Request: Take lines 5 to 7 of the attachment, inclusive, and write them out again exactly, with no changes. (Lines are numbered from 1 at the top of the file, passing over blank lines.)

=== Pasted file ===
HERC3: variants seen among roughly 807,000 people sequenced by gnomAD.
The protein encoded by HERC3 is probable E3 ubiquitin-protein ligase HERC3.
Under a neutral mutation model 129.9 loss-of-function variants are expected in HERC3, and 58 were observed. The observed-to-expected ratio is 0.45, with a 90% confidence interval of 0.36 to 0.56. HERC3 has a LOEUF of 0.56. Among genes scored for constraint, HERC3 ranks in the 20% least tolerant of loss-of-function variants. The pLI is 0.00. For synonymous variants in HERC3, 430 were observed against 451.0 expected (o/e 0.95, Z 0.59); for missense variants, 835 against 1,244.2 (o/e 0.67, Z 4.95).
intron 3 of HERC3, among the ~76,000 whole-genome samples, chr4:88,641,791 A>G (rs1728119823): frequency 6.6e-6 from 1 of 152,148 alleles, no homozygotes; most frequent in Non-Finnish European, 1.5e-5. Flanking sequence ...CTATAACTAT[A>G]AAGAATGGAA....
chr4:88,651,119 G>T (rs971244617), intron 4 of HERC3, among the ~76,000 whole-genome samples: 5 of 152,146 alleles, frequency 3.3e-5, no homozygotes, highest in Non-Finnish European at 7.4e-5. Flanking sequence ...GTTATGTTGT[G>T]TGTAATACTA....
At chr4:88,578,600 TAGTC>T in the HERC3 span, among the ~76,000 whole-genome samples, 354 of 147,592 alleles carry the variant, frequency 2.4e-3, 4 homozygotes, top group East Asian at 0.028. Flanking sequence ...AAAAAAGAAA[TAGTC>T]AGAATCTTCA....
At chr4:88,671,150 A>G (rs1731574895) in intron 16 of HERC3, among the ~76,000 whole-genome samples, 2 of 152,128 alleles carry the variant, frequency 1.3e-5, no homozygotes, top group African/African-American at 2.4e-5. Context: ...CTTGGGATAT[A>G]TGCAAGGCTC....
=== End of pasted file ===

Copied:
chr4:88,651,119 G>T (rs971244617), intron 4 of HERC3, among the ~76,000 whole-genome samples: 5 of 152,146 alleles, frequency 3.3e-5, no homozygotes, highest in Non-Finnish European at 7.4e-5. Flanking sequence ...GTTATGTTGT[G>T]TGTAATACTA....
At chr4:88,578,600 TAGTC>T in the HERC3 span, among the ~76,000 whole-genome samples, 354 of 147,592 alleles carry the variant, frequency 2.4e-3, 4 homozygotes, top group East Asian at 0.028. Flanking sequence ...AAAAAAGAAA[TAGTC>T]AGAATCTTCA....
At chr4:88,671,150 A>G (rs1731574895) in intron 16 of HERC3, among the ~76,000 whole-genome samples, 2 of 152,128 alleles carry the variant, frequency 1.3e-5, no homozygotes, top group African/African-American at 2.4e-5. Context: ...CTTGGGATAT[A>G]TGCAAGGCTC....